written by: Pamela Martin
• edited by: Amanda Grove
• updated: 9/11/2012
“Take me out to the ball game. Take me out with the crowd. Buy me some peanuts and Cracker Jacks…" With this baseball unit plan, you and your students can bring the ball game right into the classroom, with social studies and language arts activities to enhance everyone’s understanding of the game.
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The objectives for this baseball unit plan are as follows:
Students will understand the invention and development of baseball throughout its history.
Students will recognize the contributions of baseball and its players to the society.
Students will explain the basic rules and equipment of baseball.
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There’s a New Game in Town
Provide students with reading passages and questions about the origins of baseball, formatted like state assessment examples. Expand on the theme by including passages about famous baseball events, like the Black Sox scandal, the cancellation of the 1994 World Series or the current steroid-use controversy.
Let students explore reference materials, including offline books and Internet sources, to gather data for an illustrated timeline of the game of baseball.
Divide students into jigsaw groups. Assign one group to research the beginnings of baseball in the United States, another to the Negro League, another to the integration of major league baseball. Regroup the students so that one person from each original group is in the new group. After students share what they gleaned from their research, the new group should produce a visual aid to summarize everything they have learned.
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Getting to Know the Players
Combine social studies with language arts baseball activities with some biography exploration. Stock your classroom library with books about major league or minor league baseball players for students to enjoy and to use as reference materials.
Allow students to choose from a list of famous baseball players; try to avoid having more than one student assigned to the same player. Students research their assigned player and create a trading card for him. The card should include the player’s name, team(s) and statistics, along with a statement that explains why he belongs on a “Famous Players" list.
Present pairs of students with the following instructions: It is Hall of Fame time, and the selection committee has chosen you to recommend a player for inclusion in the Hall. You need to research carefully to decide which player you think best deserves this honor. Use what you discover to write a letter of recommendation and to prepare a speech that you will make to the selection committee; make both of them compelling, as your player will be up against some tough competition. You will also need a scale drawing or model of what the museum exhibit for the player should look like.
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Read All About It
Choose one of Mike Lupica’s baseball-themed books as a group reading assignment. In addition to the usual vocabulary and comprehension activities, use the books as leads for discussions and journal writing about topics related to the book. For example, you could use The Batboy to initiate a discussion about the use of performance-enhancing drugs, asking students to collect newspaper or magazine articles. Follow the discussion by having students write to the prompt: The use of steroids and other performance-enhancing drugs is a controversial topic, with some condemning their use as cheating, while others see nothing wrong with them. Write a letter to the Major League Baseball Commissioner, expressing your perspective, including your opinion of the drugs’ use and how you think the league should respond to the situation.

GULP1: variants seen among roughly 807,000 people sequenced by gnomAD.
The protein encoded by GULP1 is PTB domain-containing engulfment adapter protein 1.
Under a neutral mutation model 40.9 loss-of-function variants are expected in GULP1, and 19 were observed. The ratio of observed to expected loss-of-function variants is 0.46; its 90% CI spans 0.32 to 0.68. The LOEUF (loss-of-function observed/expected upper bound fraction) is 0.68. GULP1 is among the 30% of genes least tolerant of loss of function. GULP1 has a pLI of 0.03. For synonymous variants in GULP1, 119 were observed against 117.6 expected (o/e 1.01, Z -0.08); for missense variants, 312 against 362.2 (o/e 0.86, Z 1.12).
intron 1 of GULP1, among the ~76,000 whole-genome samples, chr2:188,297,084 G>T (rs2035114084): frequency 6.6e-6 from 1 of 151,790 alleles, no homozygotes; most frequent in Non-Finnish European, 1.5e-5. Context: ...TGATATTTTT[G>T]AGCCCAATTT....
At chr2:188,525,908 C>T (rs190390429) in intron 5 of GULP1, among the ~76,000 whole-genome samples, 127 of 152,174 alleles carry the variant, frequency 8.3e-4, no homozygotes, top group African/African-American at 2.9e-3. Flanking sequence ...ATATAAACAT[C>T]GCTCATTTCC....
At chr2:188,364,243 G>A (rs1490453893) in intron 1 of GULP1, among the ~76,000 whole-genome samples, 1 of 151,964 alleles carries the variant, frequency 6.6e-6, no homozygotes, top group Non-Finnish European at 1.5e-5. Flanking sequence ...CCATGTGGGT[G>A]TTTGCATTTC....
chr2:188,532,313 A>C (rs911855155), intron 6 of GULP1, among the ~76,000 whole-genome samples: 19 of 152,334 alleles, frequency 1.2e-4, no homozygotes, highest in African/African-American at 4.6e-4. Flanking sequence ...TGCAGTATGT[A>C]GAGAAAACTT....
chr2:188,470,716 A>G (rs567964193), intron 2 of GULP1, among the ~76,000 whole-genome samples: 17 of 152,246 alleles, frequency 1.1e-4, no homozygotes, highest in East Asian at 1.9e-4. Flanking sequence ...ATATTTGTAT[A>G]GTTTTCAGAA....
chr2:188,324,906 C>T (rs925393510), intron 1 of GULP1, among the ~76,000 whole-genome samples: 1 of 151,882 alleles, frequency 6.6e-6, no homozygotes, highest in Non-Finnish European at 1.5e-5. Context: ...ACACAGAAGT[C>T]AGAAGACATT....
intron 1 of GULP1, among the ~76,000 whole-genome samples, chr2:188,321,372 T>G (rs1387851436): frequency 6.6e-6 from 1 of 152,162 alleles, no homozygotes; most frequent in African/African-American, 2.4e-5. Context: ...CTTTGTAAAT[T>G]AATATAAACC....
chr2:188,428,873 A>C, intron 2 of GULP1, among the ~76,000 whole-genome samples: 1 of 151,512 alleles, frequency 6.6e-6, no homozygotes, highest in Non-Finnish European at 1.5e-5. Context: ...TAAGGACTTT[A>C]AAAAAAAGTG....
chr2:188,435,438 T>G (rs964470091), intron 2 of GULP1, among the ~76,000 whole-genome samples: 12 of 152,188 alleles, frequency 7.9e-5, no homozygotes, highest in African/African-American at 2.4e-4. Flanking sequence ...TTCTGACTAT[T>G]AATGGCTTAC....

Some other Lupica baseball titles include The Big Field, Heat and Safe at Home.
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Who Is Flying in the Infield?
Provide students with copies of the rules of baseball from the past and today. Allow them to work in pairs to create Venn diagrams to compare the early rules of the game to modern rules.
Ask students to create an illustrated handbook for beginning baseball players. The book should include the rules in simple terms, as well as pictures to make them more understandable. The authors should also have a section on the role of each player in the game and another about sign language in baseball.
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Dining at the Diamond
Popcorn, peanuts and hot dogs have long been associated with baseball games. Ask student groups to do some research to find out why these foods first became so closely tied to the game. Then, the groups should explore what unusual foods are available at the nation’s ballparks. The groups can show the results in a decorated menu board that includes historic annotations.
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Assign groups to specific teams in the American or National Leagues. The groups should create two maps for their team. The first should represent all the cities that have been home to the team throughout its history. The second should map the itinerary and shortest routes for one (or more) of the previous season’s road trips.
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Allow students to design the ultimate equipment and/or uniform for a newly formed baseball team. They can display their designs on fashion dolls, paper dolls or a group member. They should include the ultimate bat, the safest batting helmet and the team uniform, including colors, logo, hat, pants, shirt and shoes.
With this baseball unit plan, including language arts baseball activities, spring should “fly" by.
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Mike Lupica Official Website, http://www.mikelupicabooks.com/books.html